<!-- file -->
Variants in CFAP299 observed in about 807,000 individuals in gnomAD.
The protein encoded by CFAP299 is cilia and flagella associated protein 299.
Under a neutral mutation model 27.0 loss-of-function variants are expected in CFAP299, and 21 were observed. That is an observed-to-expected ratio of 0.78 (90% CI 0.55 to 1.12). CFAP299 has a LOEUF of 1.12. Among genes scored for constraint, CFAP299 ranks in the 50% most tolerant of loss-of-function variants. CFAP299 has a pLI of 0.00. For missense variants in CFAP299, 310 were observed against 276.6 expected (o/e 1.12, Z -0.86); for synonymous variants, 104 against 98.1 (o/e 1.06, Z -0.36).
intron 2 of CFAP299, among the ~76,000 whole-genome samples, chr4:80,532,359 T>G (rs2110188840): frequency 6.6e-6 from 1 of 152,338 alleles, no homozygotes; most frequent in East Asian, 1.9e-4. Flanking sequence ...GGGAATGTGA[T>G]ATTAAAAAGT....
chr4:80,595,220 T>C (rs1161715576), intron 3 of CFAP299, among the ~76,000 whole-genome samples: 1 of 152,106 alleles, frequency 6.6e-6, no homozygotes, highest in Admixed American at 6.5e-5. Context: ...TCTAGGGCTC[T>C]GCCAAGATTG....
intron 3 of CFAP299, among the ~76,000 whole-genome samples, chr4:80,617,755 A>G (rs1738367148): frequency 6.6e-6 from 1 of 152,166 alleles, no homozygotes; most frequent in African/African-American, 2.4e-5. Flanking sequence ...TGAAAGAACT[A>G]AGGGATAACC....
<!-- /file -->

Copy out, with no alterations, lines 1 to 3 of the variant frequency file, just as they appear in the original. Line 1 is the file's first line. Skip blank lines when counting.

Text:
Variants in CFAP299 observed in about 807,000 individuals in gnomAD.
The protein encoded by CFAP299 is cilia and flagella associated protein 299.
Under a neutral mutation model 27.0 loss-of-function variants are expected in CFAP299, and 21 were observed. That is an observed-to-expected ratio of 0.78 (90% CI 0.55 to 1.12). CFAP299 has a LOEUF of 1.12. Among genes scored for constraint, CFAP299 ranks in the 50% most tolerant of loss-of-function variants. CFAP299 has a pLI of 0.00. For missense variants in CFAP299, 310 were observed against 276.6 expected (o/e 1.12, Z -0.86); for synonymous variants, 104 against 98.1 (o/e 1.06, Z -0.36).